We found 23 mental health professionals near Elgin, SC.

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Mrs. Lydia Ellis Weisser D.O.
Specializes in Psychiatry, Clinics and Medical Centers
1.5 Average rating 1.5 stars out of 5 (1 rating)
Address: 90 Oak Brook Ct, Columbia, SC 29223
Latrice Lashae Love LPC
Specializes in Counseling
Address: 10817 Two Notch Rd, Elgin, SC 29045
Clinical Interests: parenting issues, bipolar disorder, abuse ... (Read more)
Dr. Ayodele A. Ogunfowora M.D.
Specializes in Psychiatry
3.5 Average rating 3.5 stars out of 5 (3 ratings)
Address: 120 Wildewood Park Dr, Forest Acres, SC 29223
Dr. Sudhakar Reddy Morthala M.D.
Specializes in Psychiatry
4.88 Average rating 4.88 stars out of 5 (2 ratings)
Address: 2467 1 US Hwy, Elgin, SC 29045
Subba M. Rao MD
Specializes in Psychiatry
3.32 Average rating 3.32 stars out of 5 (19 ratings)
Address: 201 Mallet Hill Rd, Columbia, SC 29223
Dr. Raynia Letitia McGee MD
Specializes in Psychiatry
Address: 1037 Palamino, Elgin, SC 29045
Dr. Megan Ann McCoy PHD
Specializes in Counseling
Address: Lugoff, SC 29045
Ms. Georgia D. Gibson
Specializes in Counseling, Social Work
Address: 112 Hickory Hill Trl, Elgin, SC 29045
Mrs. Deborah Jane Arave LPC
Specializes in Counseling
Address: 10248 Two Notch Rd, Columbia, SC 29229
Ms. Deborah Zina Hauck LPC
Specializes in Counseling
Address: 101 Acuba Ct, Columbia, SC 29229
Mr. Jefferson D. Lewis M.DIV, M.A.
Specializes in Counseling
Address: 31 Valkyrie Cir, Columbia, SC 29229
Christian Atlas Martin PH.D., BCBA, M.A.T.
Specializes in Mental Health
Address: 82 Lake Pointe Dr, Columbia, SC 29229
Emily Gustafson Crowder EDS
Specializes in Counseling
Address: Lake Carolina Dr, Columbia, SC 29229
Coretta Anvis Bradley LMSW
Specializes in Social Work
Address: 841 Centennial Dr, Columbia, SC 29229
Karen C. Taylor LPCI
Specializes in Counseling
Address: 2439 Main St, Elgin, SC 29045
Ms. Albertina I. Washington-Green LPC, MA
Specializes in Counseling
Address: 120 Wildewood Club Ct, Columbia, SC 29223

What is Mental Health Care?

Mental health care refers to a broad group of professionals who work to keep people mentally well. Just as physical illness can cause unwanted aches and pains, mental illness can cause unwanted thoughts, behaviors, and feelings. Even people who are not dealing with a mental illness can suffer from the effects of a stressful situation and find it difficult to cope. Mental health care workers seek to improve the emotional, psychological, and social well-being of their clients, usually through therapy.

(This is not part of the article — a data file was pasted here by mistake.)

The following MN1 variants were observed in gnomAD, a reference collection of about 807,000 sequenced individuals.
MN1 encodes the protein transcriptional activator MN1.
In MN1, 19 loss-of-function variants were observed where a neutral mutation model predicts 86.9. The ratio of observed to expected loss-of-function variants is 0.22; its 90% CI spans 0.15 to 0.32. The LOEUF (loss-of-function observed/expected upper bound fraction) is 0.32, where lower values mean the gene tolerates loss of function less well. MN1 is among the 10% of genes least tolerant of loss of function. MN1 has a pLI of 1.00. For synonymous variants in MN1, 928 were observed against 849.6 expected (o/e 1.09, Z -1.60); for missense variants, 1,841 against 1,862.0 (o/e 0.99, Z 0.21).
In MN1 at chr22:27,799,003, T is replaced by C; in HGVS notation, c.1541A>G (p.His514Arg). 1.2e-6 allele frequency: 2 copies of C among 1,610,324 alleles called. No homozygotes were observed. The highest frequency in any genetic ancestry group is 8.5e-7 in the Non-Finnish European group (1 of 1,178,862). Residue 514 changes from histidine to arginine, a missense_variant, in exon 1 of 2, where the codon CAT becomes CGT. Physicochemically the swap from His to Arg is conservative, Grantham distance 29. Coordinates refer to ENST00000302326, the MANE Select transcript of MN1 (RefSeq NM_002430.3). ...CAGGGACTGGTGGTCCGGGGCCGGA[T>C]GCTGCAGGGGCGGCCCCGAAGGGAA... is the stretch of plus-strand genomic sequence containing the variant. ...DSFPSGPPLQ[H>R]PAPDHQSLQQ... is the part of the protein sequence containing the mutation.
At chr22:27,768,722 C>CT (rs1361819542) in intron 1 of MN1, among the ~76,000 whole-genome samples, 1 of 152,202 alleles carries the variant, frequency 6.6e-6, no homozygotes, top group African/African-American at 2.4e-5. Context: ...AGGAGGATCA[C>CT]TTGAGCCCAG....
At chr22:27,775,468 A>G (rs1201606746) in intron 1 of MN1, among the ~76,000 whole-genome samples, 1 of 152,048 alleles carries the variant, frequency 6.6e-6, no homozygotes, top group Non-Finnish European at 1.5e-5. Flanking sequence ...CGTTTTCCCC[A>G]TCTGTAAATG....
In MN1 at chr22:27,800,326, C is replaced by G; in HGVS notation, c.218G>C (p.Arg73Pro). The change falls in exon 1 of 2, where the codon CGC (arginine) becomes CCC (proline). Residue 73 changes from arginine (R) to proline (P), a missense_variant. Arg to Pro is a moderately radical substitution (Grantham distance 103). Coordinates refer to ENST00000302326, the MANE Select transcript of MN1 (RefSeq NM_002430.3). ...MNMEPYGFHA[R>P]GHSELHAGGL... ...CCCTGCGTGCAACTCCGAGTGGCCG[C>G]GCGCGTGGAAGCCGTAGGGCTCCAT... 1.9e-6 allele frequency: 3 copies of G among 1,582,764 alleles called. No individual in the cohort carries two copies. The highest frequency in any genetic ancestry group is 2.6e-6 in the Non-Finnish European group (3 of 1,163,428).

There are many kinds of mental health care providers. Some examples include psychologists, psychiatrists, counselors, psychiatric nurses, substance abuse professionals, and social workers. Mental health workers treat patients at all stages of life and through many common problems, including depression, anxiety, eating disorders, post-traumatic stress disorder, and several others.

Some of the symptoms that occur with mental health issues and may cause a person to seek treatment include:
  • Changes in eating or sleeping
  • Decreased energy, fatigue
  • Numbness or a lack of interest in life
  • Feeling hopeless
  • Recurrent, persistent thoughts
  • Feeling unusually anxious, sad, angry, worried, or on edge
  • An inability to care for one’s self or perform daily tasks

Patients seeking mental health treatment have several options. The most widely used treatment is psychotherapy, also called talk therapy or simply ‘therapy’. In therapy, mental health workers guide patients as they talk about issues in their life and problem-solve ways to make positive, healthy changes. Some patients also take medication to treat mental illness. Medications are especially effective at treating the chemical imbalances behind more severe cases of depression, anxiety, and illnesses such as bipolar disorder and schizophrenia.

Many mental illnesses are treated with a combination of both medication and therapy. For example, in substance abuse care, medications to ease withdrawal symptoms are commonly used together with a specific kind of therapy called behavior therapy, which teaches patients how to handle challenging situations without drugs or alcohol. Mental health workers may also consult with physicians or use community resources to help patients function at their best.
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